With this tight cast of characters, Garland approaches the idea of a new American civil war in the way that many Americans today approach wars with U.S. involvement — with an emotional distance that leaves you aware only of the affects you see right in front of you. The president, ostensibly one of the instigators of the film’s titular conflict, exists only in the background of the film, mirroring how — for many Americans — the president has only ever been seen through screens.

As journalists, the characters of “Civil War” are tasked with capturing images just feet away from their own destruction. They can only see what’s in front of them and try to make sense of everything from that perspective. It’s their connection to reality — and the reason they may break from reality.

These are not new concepts and we’ve seen them in previous, admittedly better, movies — the loaded ethics of war journalism in the second part of “Full Metal Jacket” and the war-induced descent into madness in “Apocalypse Now” — but both dealt with our past. Garland takes a huge creative risk by setting his film in an approximation of our current world.

In a recent interview with The New York Times, he detailed how he approached this story. “Overall I’d say this film is about checks and balances: polarization, division, the way populist politics leads toward extremism, where extremism itself will end up and where the press is in all of that.”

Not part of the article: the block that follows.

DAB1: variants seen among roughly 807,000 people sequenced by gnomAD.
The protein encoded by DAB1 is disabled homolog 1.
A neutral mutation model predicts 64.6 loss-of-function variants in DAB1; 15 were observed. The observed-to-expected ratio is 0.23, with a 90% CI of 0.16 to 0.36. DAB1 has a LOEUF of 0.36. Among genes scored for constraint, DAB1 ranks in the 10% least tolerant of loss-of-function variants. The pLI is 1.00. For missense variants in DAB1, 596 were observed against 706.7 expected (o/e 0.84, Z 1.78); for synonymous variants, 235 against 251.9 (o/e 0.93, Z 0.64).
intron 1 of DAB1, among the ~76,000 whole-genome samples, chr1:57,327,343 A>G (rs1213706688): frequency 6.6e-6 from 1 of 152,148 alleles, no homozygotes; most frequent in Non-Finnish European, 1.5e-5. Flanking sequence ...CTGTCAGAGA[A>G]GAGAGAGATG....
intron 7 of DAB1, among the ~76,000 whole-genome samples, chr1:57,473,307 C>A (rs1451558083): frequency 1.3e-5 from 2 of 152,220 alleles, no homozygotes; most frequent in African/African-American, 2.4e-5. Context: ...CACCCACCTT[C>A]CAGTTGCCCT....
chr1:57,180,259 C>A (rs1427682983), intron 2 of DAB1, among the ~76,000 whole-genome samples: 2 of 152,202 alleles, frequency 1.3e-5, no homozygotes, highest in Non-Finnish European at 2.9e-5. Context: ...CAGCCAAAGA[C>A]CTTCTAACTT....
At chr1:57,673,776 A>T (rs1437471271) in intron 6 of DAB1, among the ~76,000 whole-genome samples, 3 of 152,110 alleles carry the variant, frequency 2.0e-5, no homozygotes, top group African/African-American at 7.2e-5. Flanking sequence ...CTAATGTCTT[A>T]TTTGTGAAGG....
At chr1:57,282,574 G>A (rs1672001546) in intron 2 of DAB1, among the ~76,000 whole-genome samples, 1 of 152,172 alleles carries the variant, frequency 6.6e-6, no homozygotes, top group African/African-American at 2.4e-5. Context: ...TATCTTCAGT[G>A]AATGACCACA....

It’s a movie that practically begs audiences to criticize its political ambiguity, released at a time in our history where more of the general public is calling for a hard left or right stance to be taken. Garland has also shown further hesitance to take a side.

Whether or not Garland succeeded in putting forward an objective viewpoint is debatable. The best scenes in the film are the ones that build the humanity of its characters, emphasizing the universality of trauma. But even the rare scenes of brutal, visceral and lengthy battle are also elaborate action movie sequences, essentially acting as a war simulator. Upsetting, certainly, but also thrilling. More video game literate colleagues cited the film’s finale as similar to “Call of Duty: Modern Warfare 2,” in and of itself a damning critique of a movie that refutes the logic of any war.

There is a salient argument that “Civil War” is a failure of political filmmaking, but it seems that Garland was not interested in making a politically engaged film. Instead, we get a sharply observed human story about the ethics of journalism and the psychological toll of war. Unfortunately, that story happens to be situated within a film whose heady concept frequently overshadows the emotional truths found throughout the script.

Thomas Machacz can be reached at [email protected].